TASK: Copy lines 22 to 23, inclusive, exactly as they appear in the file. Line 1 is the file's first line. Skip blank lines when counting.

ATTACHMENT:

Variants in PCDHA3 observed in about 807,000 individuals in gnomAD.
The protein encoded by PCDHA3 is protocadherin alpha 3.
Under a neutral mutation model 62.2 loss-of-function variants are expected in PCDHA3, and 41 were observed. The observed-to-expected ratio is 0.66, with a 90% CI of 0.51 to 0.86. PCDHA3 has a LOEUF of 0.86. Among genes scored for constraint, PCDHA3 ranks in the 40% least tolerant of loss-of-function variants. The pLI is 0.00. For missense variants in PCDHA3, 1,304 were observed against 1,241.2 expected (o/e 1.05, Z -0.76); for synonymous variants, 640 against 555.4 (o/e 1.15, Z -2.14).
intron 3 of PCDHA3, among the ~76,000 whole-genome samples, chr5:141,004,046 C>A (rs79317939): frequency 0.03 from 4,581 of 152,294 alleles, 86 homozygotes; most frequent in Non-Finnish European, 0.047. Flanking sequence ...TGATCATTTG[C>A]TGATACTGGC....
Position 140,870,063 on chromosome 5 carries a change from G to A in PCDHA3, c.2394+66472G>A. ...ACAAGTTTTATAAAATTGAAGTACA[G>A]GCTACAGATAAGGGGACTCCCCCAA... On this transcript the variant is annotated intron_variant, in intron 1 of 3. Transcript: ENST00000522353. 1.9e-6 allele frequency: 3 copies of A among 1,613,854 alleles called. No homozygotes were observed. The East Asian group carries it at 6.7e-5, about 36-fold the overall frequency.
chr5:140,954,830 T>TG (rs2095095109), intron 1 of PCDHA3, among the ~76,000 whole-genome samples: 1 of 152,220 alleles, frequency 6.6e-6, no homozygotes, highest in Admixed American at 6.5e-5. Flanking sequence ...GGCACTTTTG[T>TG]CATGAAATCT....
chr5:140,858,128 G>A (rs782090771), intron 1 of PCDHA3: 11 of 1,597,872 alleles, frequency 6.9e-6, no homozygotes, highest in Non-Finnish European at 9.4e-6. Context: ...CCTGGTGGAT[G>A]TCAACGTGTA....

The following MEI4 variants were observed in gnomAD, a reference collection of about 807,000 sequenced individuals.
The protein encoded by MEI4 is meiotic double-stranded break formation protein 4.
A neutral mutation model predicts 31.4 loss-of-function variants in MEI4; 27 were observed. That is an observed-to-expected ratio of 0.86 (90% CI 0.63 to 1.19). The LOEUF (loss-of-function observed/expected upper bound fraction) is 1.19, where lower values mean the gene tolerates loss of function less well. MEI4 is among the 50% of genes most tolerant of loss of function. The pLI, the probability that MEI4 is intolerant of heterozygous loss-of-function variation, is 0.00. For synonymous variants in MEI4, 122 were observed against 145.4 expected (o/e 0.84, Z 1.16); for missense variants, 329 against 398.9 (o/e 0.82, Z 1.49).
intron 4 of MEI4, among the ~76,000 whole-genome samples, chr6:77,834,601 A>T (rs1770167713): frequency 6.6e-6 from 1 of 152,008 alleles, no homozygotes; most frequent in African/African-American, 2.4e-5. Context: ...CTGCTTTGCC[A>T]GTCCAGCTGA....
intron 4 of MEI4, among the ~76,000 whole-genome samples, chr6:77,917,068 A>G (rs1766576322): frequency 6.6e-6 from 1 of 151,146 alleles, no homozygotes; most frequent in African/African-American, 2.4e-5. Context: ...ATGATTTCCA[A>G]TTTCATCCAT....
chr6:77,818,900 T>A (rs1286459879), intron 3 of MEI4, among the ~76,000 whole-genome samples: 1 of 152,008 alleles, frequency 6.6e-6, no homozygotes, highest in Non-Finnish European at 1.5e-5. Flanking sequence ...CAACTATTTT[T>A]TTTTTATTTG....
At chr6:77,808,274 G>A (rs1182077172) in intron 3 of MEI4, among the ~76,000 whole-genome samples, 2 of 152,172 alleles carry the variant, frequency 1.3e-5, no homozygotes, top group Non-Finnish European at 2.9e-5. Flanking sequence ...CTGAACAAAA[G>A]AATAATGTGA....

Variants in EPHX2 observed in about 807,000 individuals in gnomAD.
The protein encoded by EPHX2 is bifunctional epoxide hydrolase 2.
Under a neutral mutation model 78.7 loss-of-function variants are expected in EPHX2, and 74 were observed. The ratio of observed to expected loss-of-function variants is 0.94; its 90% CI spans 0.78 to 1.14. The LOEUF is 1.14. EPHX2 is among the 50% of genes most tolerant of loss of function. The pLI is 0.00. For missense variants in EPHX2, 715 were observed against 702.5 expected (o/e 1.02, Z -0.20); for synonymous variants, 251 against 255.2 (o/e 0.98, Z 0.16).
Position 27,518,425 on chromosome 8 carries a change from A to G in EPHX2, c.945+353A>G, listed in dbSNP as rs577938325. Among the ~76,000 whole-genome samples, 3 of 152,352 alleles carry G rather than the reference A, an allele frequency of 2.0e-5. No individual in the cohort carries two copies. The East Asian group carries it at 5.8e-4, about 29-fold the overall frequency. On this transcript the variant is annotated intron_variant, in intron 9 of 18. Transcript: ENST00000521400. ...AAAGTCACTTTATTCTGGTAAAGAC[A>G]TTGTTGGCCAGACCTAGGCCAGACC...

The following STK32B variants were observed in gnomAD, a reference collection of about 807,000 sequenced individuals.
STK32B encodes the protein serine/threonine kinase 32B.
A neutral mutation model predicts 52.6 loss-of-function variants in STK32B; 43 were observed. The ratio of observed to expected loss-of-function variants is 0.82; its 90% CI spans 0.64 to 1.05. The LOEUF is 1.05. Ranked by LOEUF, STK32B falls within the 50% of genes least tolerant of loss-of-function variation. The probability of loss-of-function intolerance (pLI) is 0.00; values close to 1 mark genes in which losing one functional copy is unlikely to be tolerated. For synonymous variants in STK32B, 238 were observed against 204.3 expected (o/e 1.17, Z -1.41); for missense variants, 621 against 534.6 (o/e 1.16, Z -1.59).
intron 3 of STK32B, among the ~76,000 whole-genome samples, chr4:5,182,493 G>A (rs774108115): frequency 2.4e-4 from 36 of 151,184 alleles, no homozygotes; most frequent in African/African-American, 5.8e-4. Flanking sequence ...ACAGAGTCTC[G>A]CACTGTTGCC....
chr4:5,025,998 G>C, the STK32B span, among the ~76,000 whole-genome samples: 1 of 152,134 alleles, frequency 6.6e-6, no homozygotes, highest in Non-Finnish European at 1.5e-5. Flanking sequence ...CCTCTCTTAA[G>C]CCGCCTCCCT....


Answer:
intron 3 of STK32B, among the ~76,000 whole-genome samples, chr4:5,182,493 G>A (rs774108115): frequency 2.4e-4 from 36 of 151,184 alleles, no homozygotes; most frequent in African/African-American, 5.8e-4. Flanking sequence ...ACAGAGTCTC[G>A]CACTGTTGCC....
chr4:5,025,998 G>C, the STK32B span, among the ~76,000 whole-genome samples: 1 of 152,134 alleles, frequency 6.6e-6, no homozygotes, highest in Non-Finnish European at 1.5e-5. Flanking sequence ...CCTCTCTTAA[G>C]CCGCCTCCCT....